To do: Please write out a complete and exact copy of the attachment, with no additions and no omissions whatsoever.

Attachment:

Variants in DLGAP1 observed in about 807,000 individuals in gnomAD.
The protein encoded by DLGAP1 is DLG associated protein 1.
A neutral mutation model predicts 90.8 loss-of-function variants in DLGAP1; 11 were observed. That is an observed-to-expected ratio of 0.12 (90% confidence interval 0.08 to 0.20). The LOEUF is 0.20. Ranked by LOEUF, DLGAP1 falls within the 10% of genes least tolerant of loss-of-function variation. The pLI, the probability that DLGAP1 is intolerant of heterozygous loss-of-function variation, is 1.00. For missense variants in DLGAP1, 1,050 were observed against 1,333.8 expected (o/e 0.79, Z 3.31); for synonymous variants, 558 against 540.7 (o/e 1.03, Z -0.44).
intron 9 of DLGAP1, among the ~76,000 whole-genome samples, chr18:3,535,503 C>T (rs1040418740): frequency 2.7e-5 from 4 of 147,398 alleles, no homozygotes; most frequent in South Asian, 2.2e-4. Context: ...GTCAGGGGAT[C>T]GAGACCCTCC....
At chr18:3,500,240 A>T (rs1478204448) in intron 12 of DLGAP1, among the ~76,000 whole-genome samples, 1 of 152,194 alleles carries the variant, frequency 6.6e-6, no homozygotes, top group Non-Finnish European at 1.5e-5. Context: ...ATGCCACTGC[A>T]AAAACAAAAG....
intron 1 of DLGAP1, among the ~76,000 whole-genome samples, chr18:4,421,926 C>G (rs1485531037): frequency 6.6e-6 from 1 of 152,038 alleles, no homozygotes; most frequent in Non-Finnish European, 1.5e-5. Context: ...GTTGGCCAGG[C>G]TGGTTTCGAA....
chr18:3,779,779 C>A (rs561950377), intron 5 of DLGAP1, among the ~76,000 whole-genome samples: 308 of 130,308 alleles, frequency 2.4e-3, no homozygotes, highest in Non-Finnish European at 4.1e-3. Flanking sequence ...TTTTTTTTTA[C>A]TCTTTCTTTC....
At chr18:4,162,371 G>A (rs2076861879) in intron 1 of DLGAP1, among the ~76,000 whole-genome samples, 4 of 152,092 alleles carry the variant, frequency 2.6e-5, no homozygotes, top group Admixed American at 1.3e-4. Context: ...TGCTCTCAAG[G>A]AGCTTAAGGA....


Variants in DLGAP1 observed in about 807,000 individuals in gnomAD.
The protein encoded by DLGAP1 is DLG associated protein 1.
A neutral mutation model predicts 90.8 loss-of-function variants in DLGAP1; 11 were observed. That is an observed-to-expected ratio of 0.12 (90% confidence interval 0.08 to 0.20). The LOEUF is 0.20. Ranked by LOEUF, DLGAP1 falls within the 10% of genes least tolerant of loss-of-function variation. The pLI, the probability that DLGAP1 is intolerant of heterozygous loss-of-function variation, is 1.00. For missense variants in DLGAP1, 1,050 were observed against 1,333.8 expected (o/e 0.79, Z 3.31); for synonymous variants, 558 against 540.7 (o/e 1.03, Z -0.44).
intron 9 of DLGAP1, among the ~76,000 whole-genome samples, chr18:3,535,503 C>T (rs1040418740): frequency 2.7e-5 from 4 of 147,398 alleles, no homozygotes; most frequent in South Asian, 2.2e-4. Context: ...GTCAGGGGAT[C>T]GAGACCCTCC....
At chr18:3,500,240 A>T (rs1478204448) in intron 12 of DLGAP1, among the ~76,000 whole-genome samples, 1 of 152,194 alleles carries the variant, frequency 6.6e-6, no homozygotes, top group Non-Finnish European at 1.5e-5. Context: ...ATGCCACTGC[A>T]AAAACAAAAG....
intron 1 of DLGAP1, among the ~76,000 whole-genome samples, chr18:4,421,926 C>G (rs1485531037): frequency 6.6e-6 from 1 of 152,038 alleles, no homozygotes; most frequent in Non-Finnish European, 1.5e-5. Context: ...GTTGGCCAGG[C>G]TGGTTTCGAA....
chr18:3,779,779 C>A (rs561950377), intron 5 of DLGAP1, among the ~76,000 whole-genome samples: 308 of 130,308 alleles, frequency 2.4e-3, no homozygotes, highest in Non-Finnish European at 4.1e-3. Flanking sequence ...TTTTTTTTTA[C>A]TCTTTCTTTC....
At chr18:4,162,371 G>A (rs2076861879) in intron 1 of DLGAP1, among the ~76,000 whole-genome samples, 4 of 152,092 alleles carry the variant, frequency 2.6e-5, no homozygotes, top group Admixed American at 1.3e-4. Context: ...TGCTCTCAAG[G>A]AGCTTAAGGA....